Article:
That works, but IMHO it gives the door a "funny" draggy feel when you
I prefer the magnetic or mechanical catches which hold the door against
the wall. they usually fasten onto the baseboard.
In case you didn't figure out why it "closes by itself" that way, it's
because the jamb the hinges are attached to is not perfectly vertical,
and the door wants to drop towards a position of lower potential energy.
If the jamb were tilted oppositly the door would move towards the open
You might also consider getting the foundation of your house jacked up
on the proper side to correct the condition. <G>
This is a little job security for the locksmith, guy gets up and steps out
on his porch to pick up the paper and the door shuts behind him locking him
I realize this was sometimes done, but I don't believe the practice was an
Something like this happened to a guy in a wheelchair in W. Michigan a
week or two ago (but he was taking out the trash, not getting his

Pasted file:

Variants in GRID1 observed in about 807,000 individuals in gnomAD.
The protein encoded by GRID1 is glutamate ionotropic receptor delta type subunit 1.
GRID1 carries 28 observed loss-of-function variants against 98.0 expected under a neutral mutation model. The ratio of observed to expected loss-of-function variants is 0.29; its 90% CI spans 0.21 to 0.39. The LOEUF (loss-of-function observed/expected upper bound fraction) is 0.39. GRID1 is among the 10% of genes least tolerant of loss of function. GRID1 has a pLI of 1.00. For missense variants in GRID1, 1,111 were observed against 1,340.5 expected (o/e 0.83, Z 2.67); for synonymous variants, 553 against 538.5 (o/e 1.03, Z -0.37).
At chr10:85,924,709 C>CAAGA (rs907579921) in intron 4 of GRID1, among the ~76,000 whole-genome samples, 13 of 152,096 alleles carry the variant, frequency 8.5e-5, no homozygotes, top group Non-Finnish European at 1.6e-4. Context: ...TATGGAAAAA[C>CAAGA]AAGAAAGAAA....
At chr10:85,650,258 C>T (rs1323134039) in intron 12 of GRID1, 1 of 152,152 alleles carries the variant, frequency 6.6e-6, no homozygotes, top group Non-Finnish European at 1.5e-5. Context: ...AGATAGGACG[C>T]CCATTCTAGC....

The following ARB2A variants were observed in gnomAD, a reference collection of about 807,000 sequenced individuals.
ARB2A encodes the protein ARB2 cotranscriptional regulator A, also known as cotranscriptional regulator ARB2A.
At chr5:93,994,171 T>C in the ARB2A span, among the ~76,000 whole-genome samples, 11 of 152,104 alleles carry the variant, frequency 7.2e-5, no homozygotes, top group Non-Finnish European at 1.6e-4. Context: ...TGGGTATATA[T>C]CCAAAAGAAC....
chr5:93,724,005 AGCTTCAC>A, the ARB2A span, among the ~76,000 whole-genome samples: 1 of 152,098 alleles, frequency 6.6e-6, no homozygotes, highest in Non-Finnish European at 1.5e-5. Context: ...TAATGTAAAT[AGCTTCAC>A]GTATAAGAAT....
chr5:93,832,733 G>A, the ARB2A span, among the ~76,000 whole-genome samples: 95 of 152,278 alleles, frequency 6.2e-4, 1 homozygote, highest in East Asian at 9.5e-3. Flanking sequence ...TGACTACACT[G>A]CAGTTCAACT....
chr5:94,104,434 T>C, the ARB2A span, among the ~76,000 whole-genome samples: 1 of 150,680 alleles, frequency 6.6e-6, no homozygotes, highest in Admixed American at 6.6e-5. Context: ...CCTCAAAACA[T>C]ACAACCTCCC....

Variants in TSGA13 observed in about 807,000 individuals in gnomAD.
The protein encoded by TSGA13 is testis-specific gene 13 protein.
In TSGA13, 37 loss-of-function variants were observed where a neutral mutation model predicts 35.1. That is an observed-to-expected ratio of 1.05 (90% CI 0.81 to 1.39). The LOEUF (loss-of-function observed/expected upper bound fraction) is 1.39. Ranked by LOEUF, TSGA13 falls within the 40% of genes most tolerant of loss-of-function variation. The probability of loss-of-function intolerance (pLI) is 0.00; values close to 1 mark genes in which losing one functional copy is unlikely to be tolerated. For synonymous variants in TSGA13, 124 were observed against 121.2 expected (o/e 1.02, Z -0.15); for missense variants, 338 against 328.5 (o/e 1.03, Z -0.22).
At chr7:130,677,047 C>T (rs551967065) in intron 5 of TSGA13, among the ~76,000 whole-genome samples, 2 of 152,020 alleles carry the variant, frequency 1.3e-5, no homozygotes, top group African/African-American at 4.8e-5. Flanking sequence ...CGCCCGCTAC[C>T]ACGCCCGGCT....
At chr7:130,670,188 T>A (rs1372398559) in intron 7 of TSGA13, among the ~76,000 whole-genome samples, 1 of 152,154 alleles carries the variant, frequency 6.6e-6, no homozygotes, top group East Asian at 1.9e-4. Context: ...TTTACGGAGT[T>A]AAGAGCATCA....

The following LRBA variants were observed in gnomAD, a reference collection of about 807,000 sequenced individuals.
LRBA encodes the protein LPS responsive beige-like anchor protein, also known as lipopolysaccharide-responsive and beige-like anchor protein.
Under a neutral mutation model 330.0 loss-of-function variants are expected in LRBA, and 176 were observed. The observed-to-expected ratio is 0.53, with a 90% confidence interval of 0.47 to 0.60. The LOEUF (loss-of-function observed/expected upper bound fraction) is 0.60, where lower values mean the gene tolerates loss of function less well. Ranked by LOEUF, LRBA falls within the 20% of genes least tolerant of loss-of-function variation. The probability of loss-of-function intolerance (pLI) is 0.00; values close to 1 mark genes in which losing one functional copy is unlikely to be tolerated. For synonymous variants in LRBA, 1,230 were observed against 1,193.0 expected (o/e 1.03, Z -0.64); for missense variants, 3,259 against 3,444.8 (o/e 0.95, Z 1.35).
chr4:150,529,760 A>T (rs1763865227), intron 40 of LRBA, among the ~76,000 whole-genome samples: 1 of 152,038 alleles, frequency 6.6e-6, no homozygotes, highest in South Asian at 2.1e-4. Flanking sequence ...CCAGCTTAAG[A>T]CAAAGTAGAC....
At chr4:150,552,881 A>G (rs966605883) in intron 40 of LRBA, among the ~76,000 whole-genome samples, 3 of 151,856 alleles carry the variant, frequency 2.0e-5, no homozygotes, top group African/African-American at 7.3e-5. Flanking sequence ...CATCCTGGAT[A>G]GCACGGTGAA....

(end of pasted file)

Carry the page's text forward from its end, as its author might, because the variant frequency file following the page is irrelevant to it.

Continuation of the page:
newspaper). He dropped his keys, was unable to reach them under his
wheelchair, and died of exposure.
On 01/05/05 09:51 am Roger Shoaf tossed the following ingredients into
the ever-growing pot of cybersoup:
A good first step is to make certain the screws holding the hinges are
tight. I have to experiment because I always forget the rule, but I
think tightening the top hinge tends to keep the door from swinging
closed, but maybe its the bottom hinge.
JustCallMe Norman wrote:
SPAMBLOCK NOTICE! To reply to me, delete the h from apkh.net, if it is
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